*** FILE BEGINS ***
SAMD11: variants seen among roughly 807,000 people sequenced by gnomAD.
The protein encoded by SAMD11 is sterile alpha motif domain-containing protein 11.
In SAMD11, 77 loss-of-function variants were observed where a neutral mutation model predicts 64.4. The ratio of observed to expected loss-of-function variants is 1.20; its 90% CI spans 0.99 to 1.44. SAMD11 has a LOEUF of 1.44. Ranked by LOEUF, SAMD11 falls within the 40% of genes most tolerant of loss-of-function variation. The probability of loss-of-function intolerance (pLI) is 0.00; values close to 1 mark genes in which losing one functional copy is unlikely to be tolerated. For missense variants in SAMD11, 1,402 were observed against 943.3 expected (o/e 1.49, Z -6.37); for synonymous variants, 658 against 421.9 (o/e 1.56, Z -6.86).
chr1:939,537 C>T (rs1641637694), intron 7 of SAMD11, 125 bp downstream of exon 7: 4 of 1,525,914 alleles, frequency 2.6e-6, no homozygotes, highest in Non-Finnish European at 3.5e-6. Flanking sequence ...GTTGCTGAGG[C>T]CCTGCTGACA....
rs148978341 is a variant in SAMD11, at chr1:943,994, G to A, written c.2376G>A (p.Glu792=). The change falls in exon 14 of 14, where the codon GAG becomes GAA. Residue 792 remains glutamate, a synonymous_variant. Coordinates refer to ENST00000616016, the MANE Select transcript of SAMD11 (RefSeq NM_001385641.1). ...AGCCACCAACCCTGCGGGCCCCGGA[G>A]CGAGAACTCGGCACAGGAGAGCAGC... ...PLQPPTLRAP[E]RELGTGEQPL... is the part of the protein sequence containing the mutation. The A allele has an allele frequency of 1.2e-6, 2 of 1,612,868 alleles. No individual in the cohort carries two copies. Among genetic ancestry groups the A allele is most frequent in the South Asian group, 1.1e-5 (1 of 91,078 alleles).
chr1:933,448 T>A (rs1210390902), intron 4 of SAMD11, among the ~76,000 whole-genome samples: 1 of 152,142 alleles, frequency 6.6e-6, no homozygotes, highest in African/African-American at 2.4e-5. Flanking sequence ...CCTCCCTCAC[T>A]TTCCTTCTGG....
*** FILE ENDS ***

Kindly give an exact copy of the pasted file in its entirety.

SAMD11: variants seen among roughly 807,000 people sequenced by gnomAD.
The protein encoded by SAMD11 is sterile alpha motif domain-containing protein 11.
In SAMD11, 77 loss-of-function variants were observed where a neutral mutation model predicts 64.4. The ratio of observed to expected loss-of-function variants is 1.20; its 90% CI spans 0.99 to 1.44. SAMD11 has a LOEUF of 1.44. Ranked by LOEUF, SAMD11 falls within the 40% of genes most tolerant of loss-of-function variation. The probability of loss-of-function intolerance (pLI) is 0.00; values close to 1 mark genes in which losing one functional copy is unlikely to be tolerated. For missense variants in SAMD11, 1,402 were observed against 943.3 expected (o/e 1.49, Z -6.37); for synonymous variants, 658 against 421.9 (o/e 1.56, Z -6.86).
chr1:939,537 C>T (rs1641637694), intron 7 of SAMD11, 125 bp downstream of exon 7: 4 of 1,525,914 alleles, frequency 2.6e-6, no homozygotes, highest in Non-Finnish European at 3.5e-6. Flanking sequence ...GTTGCTGAGG[C>T]CCTGCTGACA....
rs148978341 is a variant in SAMD11, at chr1:943,994, G to A, written c.2376G>A (p.Glu792=). The change falls in exon 14 of 14, where the codon GAG becomes GAA. Residue 792 remains glutamate, a synonymous_variant. Coordinates refer to ENST00000616016, the MANE Select transcript of SAMD11 (RefSeq NM_001385641.1). ...AGCCACCAACCCTGCGGGCCCCGGA[G>A]CGAGAACTCGGCACAGGAGAGCAGC... ...PLQPPTLRAP[E]RELGTGEQPL... is the part of the protein sequence containing the mutation. The A allele has an allele frequency of 1.2e-6, 2 of 1,612,868 alleles. No individual in the cohort carries two copies. Among genetic ancestry groups the A allele is most frequent in the South Asian group, 1.1e-5 (1 of 91,078 alleles).
chr1:933,448 T>A (rs1210390902), intron 4 of SAMD11, among the ~76,000 whole-genome samples: 1 of 152,142 alleles, frequency 6.6e-6, no homozygotes, highest in African/African-American at 2.4e-5. Flanking sequence ...CCTCCCTCAC[T>A]TTCCTTCTGG....